How we test gaming laptops

The PCWorld team puts each and every Windows laptop through a series of benchmarks that test GPU and CPU performance, battery life, and so on. The idea is to push the laptop to its limits and then compare it against others we’ve tested. Below, you’ll find a breakdown of each test and the reasons why we run them.

PCMark 10: PCMark 10 is how we determine how well the laptop handles lighter tasks like web browsing, word processing, spreadsheets, and so on.HandBrake: HandBrake is more intensive than PCMark 10. It basically measures how long a laptop’s CPU takes to encode a beefy 30GB file. Cinebench: Cinebench is a brief stress test of the CPU cores. It does this by rendering a 2D scene over a short period of time.3DMark: 3DMark checks if 3D performance remains consistent over time by running graphic-intensive clips. Gaming tests: We benchmark each gaming laptop using several titles.Video rundown test: To gauge battery life, we loop a 4K video using Windows 10’s Movies & TV app until the laptop dies.

For a much more detailed explanation, check out how PCWorld tests laptops.

Buying Guide: How to pick the perfect gaming laptop

While there’s no such thing as a perfect gaming laptop, you can always find one that fits your budget and lifestyle. Need an affordable, entry-level gaming laptop? First of all, the GPU is the most important aspect to consider. If you think of a game like a vehicle, then the GPU is its driver. You’ll also need a good amount of SSD storage for your games library as well as a high refresh rate display, which keeps visuals looking nice and smooth.

For additional reading, be sure to check out this comprehensive guide on the gaming laptop features that matter most. If you’re on a strict budget, then you should dive into this piece about what a $1,000 gaming laptop really gets you. Otherwise, our FAQ below dives deep into several component considerations for gaming laptops



What’s the ‘best’ screen for a gaming laptop?

When you buy a gaming laptop, one of the most important decisions you’ll need to make regards the screen. After all, what you get on day one is what you’re stuck with until you junk the device. You could run an external monitor but then, what’s the point of a laptop? Look for an IPS or OLED display, though gaming laptops under $1,000 sometimes include a TN panel. You can get buy with a 60Hz display if you mostly play single-player games, but thankfully, most gaming laptops these days opt for faster 120Hz+ panels instead.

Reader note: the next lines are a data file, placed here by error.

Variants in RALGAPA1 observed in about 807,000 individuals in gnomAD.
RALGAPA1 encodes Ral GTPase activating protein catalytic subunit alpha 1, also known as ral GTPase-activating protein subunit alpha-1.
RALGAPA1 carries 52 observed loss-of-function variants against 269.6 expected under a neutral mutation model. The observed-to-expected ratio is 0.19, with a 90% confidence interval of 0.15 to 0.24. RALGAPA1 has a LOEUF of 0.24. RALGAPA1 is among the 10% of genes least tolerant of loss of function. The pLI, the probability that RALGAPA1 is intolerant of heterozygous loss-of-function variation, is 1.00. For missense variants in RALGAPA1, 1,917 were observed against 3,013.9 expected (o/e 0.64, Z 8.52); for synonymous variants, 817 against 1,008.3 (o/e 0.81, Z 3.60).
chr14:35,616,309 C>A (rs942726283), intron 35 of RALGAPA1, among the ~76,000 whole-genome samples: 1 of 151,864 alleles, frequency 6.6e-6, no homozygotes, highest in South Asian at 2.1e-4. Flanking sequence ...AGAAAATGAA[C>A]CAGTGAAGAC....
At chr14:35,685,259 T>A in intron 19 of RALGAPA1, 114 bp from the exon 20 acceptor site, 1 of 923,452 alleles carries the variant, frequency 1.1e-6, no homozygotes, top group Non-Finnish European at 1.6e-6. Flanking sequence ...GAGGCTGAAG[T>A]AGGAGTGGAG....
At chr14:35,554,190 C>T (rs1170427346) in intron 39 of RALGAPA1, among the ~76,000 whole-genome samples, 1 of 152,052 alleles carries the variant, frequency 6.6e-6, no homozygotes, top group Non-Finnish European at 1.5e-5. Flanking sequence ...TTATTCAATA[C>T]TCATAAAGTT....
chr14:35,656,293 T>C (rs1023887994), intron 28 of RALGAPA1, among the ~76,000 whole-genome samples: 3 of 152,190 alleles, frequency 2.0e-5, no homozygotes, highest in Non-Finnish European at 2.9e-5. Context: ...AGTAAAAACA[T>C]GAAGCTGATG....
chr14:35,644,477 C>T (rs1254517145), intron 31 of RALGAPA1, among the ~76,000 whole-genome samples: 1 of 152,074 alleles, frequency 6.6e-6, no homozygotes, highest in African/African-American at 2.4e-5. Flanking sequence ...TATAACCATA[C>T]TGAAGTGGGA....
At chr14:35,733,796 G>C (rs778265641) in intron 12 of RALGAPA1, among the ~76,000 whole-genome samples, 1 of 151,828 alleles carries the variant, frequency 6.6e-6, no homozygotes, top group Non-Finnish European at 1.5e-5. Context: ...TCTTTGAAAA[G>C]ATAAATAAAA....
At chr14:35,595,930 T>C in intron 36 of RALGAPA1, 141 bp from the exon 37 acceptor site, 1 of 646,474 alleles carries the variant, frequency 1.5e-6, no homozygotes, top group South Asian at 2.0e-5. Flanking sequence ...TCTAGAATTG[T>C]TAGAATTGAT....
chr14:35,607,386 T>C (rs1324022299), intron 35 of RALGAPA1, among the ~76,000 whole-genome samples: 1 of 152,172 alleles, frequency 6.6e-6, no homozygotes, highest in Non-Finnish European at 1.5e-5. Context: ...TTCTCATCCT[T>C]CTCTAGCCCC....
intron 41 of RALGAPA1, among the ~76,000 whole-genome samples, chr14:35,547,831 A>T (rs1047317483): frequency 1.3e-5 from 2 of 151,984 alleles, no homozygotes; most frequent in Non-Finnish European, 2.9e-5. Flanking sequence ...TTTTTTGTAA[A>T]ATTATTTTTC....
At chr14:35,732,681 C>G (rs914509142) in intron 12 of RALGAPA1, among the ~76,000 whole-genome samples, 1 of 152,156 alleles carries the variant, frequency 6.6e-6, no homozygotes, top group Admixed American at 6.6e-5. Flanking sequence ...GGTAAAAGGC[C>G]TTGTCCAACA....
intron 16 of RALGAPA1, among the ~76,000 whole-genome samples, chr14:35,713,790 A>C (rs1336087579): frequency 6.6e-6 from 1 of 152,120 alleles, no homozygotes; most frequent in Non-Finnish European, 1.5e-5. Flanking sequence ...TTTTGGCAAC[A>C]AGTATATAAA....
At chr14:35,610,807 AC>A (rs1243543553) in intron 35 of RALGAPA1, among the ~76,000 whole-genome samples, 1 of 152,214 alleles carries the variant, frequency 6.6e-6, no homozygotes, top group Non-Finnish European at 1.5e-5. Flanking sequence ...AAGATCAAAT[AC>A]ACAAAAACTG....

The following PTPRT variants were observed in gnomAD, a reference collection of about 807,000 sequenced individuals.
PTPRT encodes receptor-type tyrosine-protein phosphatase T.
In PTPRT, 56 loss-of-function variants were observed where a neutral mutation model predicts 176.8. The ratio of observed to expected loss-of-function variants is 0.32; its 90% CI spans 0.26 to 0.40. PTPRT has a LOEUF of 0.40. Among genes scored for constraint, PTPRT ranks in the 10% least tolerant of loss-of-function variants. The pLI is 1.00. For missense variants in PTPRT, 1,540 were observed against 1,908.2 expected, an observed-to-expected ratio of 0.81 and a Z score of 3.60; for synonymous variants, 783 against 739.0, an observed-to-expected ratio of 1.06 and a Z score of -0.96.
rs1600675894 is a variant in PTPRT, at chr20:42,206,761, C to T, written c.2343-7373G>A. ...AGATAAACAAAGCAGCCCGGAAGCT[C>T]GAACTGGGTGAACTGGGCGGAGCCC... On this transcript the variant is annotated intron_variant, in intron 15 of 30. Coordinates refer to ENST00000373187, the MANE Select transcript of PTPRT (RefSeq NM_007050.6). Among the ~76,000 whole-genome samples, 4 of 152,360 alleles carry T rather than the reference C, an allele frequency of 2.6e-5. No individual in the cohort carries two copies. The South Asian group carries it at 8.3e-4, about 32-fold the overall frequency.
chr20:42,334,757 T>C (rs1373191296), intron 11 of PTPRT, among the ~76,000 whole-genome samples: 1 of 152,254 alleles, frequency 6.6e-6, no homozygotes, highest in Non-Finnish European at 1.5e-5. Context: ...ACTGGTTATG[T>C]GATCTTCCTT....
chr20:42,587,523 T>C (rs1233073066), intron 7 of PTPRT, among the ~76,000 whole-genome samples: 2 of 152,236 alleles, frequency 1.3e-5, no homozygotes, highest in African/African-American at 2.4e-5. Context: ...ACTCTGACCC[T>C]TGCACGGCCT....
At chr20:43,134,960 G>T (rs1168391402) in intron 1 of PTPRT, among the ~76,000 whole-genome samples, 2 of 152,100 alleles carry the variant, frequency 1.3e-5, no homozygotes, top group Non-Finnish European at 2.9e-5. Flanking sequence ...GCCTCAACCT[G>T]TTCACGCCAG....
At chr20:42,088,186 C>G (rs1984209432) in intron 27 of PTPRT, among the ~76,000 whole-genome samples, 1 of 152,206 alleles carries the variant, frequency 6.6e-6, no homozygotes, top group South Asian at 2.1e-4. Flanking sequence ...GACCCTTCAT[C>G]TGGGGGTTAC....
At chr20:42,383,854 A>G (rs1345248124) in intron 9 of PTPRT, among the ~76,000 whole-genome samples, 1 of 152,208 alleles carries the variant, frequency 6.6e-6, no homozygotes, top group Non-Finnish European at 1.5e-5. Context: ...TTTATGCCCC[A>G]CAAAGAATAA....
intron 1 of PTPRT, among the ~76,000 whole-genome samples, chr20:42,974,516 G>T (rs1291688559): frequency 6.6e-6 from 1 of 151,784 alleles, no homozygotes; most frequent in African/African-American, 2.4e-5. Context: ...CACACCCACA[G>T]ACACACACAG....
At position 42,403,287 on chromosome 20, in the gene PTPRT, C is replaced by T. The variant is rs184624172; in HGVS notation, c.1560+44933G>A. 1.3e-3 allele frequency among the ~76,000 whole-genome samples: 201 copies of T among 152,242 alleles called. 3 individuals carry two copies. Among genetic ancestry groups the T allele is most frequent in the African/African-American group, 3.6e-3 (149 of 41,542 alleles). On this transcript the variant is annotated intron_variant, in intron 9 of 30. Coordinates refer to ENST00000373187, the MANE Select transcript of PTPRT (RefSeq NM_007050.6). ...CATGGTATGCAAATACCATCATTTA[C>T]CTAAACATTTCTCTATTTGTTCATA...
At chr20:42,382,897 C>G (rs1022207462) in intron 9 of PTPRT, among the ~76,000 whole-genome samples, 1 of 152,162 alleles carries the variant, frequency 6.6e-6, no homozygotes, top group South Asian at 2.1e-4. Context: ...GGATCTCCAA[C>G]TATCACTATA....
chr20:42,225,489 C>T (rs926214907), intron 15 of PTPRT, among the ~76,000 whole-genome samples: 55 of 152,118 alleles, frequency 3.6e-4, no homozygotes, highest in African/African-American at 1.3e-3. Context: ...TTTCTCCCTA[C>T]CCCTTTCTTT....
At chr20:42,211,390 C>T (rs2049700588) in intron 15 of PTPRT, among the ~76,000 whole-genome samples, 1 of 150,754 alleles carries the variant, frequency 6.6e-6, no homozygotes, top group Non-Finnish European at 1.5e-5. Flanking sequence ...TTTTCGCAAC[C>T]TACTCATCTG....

What’s the ‘best’ screen size for a gaming laptop?

The size of the screen dictates the size of the laptop itself, and thus weight. You can’t, for example, get a 17-inch gaming laptop that’s four pounds (although MSI’s excellent GS75 gets awfully damned close at five), so think long and hard about whether you’re willing to take the weight penalty in exchange for the screen real estate.

If the laptop is going to be your only gaming machine, having a 17-inch screen might be ideal. We should also add that a 17.3-inch screen is easier on weaker eyes than a 15.5-inch screen. This is very much a matter of personal preference.


What’s the ‘best’ screen resolution for a gaming laptop?

The buzzword today is “4K.” That high resolution delivers sharper photo viewing and more space for video editing, but that doesn’t mean it’s for everyone. Anything not using the panel’s native resolution of 3840×2180, such as games running at lower-than-4K resolution, won’t look quite as sharp unless you exponentially increase the graphics power of the laptop.

If you’re running at 1920×1080 resolution because your GPU can’t hit 60 fps at 4K, that feature is moot. For many gamers, 1920×1080 (1080p) or 2560×1440 (1440p) is more optimal.


IPS vs. TN vs. OLED: What’s the difference?

The panel technology is also a key feature. IPS (in-plane switching) generally produces much greater color accuracy and superior off-axis viewing, but tends to lag in response times, which can lead to blurring. TN (twisted nematic) panels can offer far higher refresh rates and usually better response times than IPS, but can look washed out or just blah.

A middle-ground technology that’s appearing more often is VA (vertical alignment). VA is sometimes alternately referred to as “wide viewing angle” technology. (Many assume this to spec to be IPS, but it’s not). In our experience, we’ve found VA panels to run the gamut from being worthy competitors to IPS to being worse than the better TN panels.

Generally, if color accuracy is important, go IPS (a trademark of Sharp), and if you want the fastest response times go for a gaming-oriented TN panel. With the variability of VA, we recommend you check feedback from reviewers and users of a particular model.